New Year, Same You: Embracing Self-Compassion Instead of Pressure

As we stand on the brink of a new calendar year, it’s natural to feel the weight of expectations — the societal push towards a ‘New Year New You’. In last year’s Pause Purpose Play podcast New Year episode, New Year, Still You, I discussed the immense pressure we often face to shed parts of ourselves that we’re unhappy with. But as we all know, nothing magical happens when the calendar flips over.

Understanding the Pressure to Transform

If you’ve indulged over the festive season, you might face the unhelpful pressure to hit the gym and ‘burn it off’ and feel bad about your body. Lost your temper with the kids during the holidays? Suddenly, parenting books seem to only highlight your shortcomings. And if work piled up before the break, the urge to dive back in and catch up can lead to regretting the much-needed rest.

We often try to enforce change through self-blame and shame, but this approach isn’t the most effective way to change our behaviour. If you set unrealistic and perfectionistic goals around changes like getting fitter, reducing how much we shout at our kids, or being more productive at work, you can end up feeling disappointed when these unrealistic targets are inevitably missed.

Goals vs Values: Finding Sustainable Change

It’s important to differentiate between goals and values. Goals are specific targets, like being able to run a 5k race, whereas values are broader life directions, such as health or fitness. By aligning our goals with our values, we create a sustainable path that is more likely to stick in the long term. When it comes to parenting, for instance, aiming to shout less at the kids can align with values of calmness and compassion. Remember, a compassionate parent isn’t perfect; they’re just more self-aware and forgiving of their own human moments.You can still be a compassionate parent even if you shout at your kids from time to time.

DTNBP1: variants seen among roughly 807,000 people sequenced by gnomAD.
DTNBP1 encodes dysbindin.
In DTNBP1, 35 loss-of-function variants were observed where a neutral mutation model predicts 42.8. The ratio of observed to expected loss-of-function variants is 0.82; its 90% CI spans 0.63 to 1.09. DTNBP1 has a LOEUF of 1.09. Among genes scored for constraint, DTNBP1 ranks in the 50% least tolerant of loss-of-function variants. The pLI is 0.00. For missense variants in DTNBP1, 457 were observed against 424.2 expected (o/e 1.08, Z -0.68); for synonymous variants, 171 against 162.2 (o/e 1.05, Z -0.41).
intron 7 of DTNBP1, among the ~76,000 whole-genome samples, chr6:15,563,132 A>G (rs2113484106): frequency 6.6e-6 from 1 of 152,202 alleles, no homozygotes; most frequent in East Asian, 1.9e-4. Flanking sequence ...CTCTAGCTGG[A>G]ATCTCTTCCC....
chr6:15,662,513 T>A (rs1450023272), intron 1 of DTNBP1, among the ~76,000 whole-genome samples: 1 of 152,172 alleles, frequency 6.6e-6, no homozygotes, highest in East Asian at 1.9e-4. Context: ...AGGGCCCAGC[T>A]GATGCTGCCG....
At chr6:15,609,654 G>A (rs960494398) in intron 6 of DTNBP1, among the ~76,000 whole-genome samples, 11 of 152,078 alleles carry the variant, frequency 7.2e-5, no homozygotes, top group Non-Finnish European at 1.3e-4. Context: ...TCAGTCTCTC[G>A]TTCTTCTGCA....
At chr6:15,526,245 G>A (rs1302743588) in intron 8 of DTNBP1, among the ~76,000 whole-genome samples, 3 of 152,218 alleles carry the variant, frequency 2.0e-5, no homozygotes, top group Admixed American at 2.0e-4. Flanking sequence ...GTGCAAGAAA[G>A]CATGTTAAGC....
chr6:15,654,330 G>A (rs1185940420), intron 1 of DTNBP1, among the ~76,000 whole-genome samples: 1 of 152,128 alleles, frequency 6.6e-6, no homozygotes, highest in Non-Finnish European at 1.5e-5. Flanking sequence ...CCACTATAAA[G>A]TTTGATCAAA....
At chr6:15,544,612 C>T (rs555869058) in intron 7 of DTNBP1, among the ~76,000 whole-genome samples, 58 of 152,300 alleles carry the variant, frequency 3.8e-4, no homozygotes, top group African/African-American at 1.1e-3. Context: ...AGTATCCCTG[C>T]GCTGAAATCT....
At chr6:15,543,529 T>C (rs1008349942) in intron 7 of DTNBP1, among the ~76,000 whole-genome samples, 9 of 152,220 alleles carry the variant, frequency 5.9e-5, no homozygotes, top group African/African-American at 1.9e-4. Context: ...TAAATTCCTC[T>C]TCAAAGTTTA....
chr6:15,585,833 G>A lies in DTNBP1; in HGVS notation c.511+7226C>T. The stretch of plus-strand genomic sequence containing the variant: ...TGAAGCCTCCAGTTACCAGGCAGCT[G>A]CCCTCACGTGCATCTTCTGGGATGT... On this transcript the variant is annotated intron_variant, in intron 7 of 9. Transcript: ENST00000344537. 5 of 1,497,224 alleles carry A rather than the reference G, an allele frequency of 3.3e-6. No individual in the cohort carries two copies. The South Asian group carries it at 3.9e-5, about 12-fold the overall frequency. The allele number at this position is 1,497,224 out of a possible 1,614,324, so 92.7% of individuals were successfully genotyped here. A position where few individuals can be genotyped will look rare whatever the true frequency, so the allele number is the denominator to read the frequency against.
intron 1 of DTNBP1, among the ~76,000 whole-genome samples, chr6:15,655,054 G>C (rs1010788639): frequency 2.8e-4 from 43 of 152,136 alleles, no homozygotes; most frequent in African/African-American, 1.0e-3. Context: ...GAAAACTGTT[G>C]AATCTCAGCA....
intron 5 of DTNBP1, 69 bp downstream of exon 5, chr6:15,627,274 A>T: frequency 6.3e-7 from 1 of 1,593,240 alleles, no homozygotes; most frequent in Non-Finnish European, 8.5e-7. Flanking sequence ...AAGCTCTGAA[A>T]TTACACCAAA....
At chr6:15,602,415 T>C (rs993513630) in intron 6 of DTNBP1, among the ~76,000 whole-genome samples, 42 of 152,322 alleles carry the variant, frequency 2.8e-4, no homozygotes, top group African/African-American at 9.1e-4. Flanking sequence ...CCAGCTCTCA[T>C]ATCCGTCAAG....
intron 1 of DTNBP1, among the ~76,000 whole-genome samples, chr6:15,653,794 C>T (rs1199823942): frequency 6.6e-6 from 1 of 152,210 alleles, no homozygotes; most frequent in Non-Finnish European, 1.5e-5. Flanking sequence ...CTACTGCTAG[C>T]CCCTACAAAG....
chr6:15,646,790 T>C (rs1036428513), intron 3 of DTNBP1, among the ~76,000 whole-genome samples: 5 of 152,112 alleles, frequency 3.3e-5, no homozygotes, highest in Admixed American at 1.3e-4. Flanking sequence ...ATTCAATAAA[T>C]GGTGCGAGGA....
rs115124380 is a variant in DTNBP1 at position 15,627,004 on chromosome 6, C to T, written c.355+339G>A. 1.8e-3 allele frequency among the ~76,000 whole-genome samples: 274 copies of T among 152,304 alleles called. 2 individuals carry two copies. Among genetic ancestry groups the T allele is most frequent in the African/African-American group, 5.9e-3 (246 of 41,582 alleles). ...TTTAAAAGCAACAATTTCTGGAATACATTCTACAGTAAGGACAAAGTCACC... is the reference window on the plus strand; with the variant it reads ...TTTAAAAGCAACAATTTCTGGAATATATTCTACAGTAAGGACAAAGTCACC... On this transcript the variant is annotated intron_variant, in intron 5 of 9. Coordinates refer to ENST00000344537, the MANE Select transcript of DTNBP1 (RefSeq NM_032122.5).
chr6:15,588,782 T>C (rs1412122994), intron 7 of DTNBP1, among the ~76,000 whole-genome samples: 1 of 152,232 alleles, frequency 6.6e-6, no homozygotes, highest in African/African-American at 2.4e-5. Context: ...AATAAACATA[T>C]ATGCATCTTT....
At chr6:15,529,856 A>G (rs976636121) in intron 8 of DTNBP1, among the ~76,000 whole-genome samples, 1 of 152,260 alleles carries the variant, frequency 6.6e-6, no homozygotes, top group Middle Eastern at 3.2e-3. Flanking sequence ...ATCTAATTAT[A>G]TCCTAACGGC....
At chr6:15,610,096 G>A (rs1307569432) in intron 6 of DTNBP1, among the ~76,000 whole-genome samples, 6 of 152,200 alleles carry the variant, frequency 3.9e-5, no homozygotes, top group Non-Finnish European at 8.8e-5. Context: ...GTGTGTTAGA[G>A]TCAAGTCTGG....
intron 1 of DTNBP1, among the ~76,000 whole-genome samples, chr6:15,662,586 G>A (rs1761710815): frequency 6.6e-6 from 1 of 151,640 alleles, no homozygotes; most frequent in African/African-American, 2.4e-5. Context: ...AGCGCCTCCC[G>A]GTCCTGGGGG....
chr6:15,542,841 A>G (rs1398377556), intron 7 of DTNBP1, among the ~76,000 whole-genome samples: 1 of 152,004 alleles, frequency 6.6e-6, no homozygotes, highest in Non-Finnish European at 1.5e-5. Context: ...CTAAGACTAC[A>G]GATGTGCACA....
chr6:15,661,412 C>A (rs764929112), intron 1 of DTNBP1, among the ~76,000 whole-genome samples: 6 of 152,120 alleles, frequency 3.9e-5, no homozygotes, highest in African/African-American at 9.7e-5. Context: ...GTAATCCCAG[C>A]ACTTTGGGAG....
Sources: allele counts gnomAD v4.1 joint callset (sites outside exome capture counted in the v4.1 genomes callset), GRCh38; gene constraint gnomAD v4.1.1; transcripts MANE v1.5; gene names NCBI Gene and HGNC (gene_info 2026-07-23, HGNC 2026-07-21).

Work Productivity and Self-Compassion

At work, being productive isn’t about pushing harder. It’s about aligning with the purpose and mission of your work. If you’re neurodivergent, perhaps with an ADHD brain like myself, finding motivation for tasks perceived as dull can be challenging, so no wonder you find yourself procrastinating. Rather than just striving to do more, it’s about working smarter, not harder, and giving yourself permission to rest and recover.

New Year, Same You: Embracing Self-Compassion

As we conclude this year, remember to treat yourself with compassion. You’ve done the best you could with what you have. The past year might have brought challenges and joys, and it’s okay to acknowledge and accept this mix of emotions.

In my upcoming ADHD membership, I’ll be focusing on compassion and understanding for the whole person. You’ll get monthly expert workshops, bite-sized learning videos to learn without the overwhelm, and compassionate community support from other women with ADHD, to feel less alone in our experiences. It is my hope that more high-striving women can prevent ADHD burnout from spotting their patterns earlier, develop self-awareness and self-compassion. This new membership is about growth, learning from imperfections, and making progress together. You may sign up for the waitlist here:

A Compassionate Approach to the New Year

As we move into the new year, let’s focus on being more kind with ourselves. Changing habits is challenging, and compassion is a more effective tool than self-criticism.

For more insights and practical advice, tune in to the latest episode of the Pause Purpose Play podcast titled “Letting go of the ‘New Year, New You’ pressure” where we dive deeper into embracing self-compassion and releasing the unrealistic expectations often associated with the new year. Listen to the episode here.

Here’s to a new year filled with growth, understanding, and, most importantly, compassion towards ourselves. 🥂✨